Um… aren’t you forgetting something?
Posted on 05/10/2013 @ 05:08 PM
I recently read an article that compared Shavuot to a “forgotten stepchild.” The author lamented that many Jewish people don’t know Shavuot: don’t know what, how, or why we celebrate Shavuot.
Shavuot (literally ‘weeks’), which occurs seven weeks after Passover, marks the giving of the Torah at Mount Sinai. It is a celebration of Torah and education. Many Jews around the world stay up all night to study the Torah and other topics of interest to honor this special moment in our history. Religiously, it is known as one of the “shalosh regalim” - the three pilgrimage holidays so important that visits to the Holy Temple occurred on these dates.
Knowing its important connection to our history, why do so many Jews forget to celebrate Shavuot??
On Rosh Hashanah and Yom Kippur synagogues are crowded. On Simchat Torah we sing and dance with the Torah, and celebrate its ending and beginning. Almost every Jewish family I’ve met celebrates Passover in one way or another. Chanukah is religiously minor, but it is celebrated by even the most secular Jews. Purim, a relatively modern addition to the calendar, is widely marked by costumes, groggers and Hamentaschen.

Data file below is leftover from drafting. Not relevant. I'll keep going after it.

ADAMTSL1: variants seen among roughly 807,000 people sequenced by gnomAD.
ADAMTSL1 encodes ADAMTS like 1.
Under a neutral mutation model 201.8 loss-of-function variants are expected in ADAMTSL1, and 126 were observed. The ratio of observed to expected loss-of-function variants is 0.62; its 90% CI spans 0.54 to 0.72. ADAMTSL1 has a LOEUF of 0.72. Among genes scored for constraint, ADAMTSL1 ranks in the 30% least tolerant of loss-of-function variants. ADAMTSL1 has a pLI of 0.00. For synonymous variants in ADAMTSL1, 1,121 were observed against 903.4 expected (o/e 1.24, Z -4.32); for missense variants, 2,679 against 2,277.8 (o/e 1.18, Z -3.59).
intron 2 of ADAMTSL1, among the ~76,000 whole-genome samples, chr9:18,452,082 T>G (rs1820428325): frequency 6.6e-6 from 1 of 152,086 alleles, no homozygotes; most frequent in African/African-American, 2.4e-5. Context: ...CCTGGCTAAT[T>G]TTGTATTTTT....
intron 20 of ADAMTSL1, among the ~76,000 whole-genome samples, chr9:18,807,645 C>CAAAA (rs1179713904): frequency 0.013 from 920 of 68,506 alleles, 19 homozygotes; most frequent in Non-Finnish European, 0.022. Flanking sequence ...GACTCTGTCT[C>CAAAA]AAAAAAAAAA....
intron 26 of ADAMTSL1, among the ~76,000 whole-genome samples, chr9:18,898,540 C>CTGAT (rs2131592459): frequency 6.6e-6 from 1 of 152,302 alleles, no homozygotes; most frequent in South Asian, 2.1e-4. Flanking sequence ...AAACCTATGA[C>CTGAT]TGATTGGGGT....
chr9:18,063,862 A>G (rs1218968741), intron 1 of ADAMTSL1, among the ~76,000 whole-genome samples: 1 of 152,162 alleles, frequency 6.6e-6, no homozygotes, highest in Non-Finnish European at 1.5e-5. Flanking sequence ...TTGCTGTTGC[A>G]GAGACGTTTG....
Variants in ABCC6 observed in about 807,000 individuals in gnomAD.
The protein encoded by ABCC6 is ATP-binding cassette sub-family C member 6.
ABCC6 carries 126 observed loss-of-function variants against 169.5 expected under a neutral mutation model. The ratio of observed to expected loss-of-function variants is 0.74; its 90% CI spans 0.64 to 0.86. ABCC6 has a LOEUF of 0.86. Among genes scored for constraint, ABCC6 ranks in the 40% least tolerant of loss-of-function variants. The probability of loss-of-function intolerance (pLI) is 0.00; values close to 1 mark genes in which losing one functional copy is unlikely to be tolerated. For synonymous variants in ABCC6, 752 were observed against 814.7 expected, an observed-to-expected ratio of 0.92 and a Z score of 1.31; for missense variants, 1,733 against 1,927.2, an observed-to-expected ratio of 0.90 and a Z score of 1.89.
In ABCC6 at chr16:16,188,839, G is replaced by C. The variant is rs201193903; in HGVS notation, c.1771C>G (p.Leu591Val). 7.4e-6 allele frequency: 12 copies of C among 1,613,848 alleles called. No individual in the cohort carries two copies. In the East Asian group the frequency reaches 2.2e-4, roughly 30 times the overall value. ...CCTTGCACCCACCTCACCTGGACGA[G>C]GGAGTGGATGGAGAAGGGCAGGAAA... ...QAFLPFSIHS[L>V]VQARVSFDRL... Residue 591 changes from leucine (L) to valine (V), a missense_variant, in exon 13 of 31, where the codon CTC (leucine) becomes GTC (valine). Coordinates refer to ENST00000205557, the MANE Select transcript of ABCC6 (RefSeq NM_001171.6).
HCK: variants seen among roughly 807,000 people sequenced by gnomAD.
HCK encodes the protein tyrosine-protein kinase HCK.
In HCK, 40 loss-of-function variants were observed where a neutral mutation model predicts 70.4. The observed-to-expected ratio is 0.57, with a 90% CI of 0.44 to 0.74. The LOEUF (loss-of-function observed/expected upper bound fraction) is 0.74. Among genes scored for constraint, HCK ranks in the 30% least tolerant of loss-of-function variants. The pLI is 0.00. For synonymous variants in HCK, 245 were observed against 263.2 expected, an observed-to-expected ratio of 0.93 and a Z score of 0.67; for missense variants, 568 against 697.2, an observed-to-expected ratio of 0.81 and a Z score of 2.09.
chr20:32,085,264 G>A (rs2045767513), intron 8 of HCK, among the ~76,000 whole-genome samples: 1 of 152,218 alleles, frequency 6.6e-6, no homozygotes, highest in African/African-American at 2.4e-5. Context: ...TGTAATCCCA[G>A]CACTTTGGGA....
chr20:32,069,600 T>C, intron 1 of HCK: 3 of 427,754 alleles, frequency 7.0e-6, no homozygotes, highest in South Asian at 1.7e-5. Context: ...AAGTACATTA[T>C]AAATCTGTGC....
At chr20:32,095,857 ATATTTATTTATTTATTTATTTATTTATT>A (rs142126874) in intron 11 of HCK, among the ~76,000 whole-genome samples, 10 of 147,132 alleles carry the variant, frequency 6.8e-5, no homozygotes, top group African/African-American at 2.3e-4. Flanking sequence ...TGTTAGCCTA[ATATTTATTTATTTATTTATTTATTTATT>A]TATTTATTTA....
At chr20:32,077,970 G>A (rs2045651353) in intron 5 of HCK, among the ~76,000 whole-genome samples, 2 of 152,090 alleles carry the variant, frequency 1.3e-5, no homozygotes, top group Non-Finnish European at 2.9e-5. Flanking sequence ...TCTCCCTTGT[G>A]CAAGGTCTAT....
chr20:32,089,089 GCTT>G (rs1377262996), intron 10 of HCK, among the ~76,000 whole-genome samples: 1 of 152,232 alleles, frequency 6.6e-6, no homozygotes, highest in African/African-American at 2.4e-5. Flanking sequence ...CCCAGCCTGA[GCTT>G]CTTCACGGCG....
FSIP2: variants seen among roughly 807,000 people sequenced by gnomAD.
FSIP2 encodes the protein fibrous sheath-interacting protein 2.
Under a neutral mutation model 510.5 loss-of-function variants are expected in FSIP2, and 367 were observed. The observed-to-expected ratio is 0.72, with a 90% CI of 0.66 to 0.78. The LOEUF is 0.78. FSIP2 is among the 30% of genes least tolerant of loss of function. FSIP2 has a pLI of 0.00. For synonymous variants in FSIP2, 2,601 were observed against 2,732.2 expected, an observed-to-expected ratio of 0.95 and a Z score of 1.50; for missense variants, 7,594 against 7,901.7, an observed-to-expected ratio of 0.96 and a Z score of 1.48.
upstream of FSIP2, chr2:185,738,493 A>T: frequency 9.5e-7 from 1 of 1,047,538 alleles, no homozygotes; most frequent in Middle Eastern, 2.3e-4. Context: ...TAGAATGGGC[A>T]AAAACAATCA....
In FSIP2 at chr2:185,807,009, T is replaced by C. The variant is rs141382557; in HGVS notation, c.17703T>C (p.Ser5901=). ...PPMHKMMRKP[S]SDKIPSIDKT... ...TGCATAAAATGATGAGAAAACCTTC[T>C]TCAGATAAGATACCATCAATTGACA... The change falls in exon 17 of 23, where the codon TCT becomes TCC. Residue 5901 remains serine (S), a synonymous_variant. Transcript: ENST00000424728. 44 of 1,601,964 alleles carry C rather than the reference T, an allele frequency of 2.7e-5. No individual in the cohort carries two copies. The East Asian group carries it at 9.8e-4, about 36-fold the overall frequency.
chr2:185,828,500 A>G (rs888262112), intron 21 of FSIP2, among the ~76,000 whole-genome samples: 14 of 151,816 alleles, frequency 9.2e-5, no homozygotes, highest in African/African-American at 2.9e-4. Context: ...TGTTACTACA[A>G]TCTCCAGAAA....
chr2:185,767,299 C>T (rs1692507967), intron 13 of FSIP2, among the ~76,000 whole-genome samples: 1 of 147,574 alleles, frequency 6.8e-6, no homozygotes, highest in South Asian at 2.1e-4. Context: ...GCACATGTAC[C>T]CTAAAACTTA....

Shavuot should be no less significant in our lives than these other holidays. It marks when the Jewish people received the Torah. In this moment we, the Jewish people, entered into our covenant with God. This relationship is a huge basis for our religious practice. Without Shavuot, when we received the Ten Commandments (and the Torah itself!), we wouldn’t practice the mitzvot which help to push us to dedicate ourselves to our religion.
As Jewish professionals, we should think of the ways we can make this holiday stand out more with our teens and families. Let’s “Ask the Big Question,” How do we give Shavuot the respect it deserves? The MyJewishLearning Shavuot page has a nice variety of ways to observe and basic facts about Shavuot – along with some great cheesecake recipes!
For me, I may not stay up all night to study the Torah, but I may push myself to appreciate that this holiday is a “yontif.” It’s different than the other days of the week. And it will not be the forgotten stepchild this year for me. Next week on Wednesday and Thursday, when you have your days off, remember why we have the time off. Remember that had we not received the Torah on Mount Sinai, we wouldn’t be the Jewish people we are today. What will you do to remember Shavuot?
Remembering to create this Shabbat Message was done by Danielle Hercenberg, Wisconsin Region Program Associate.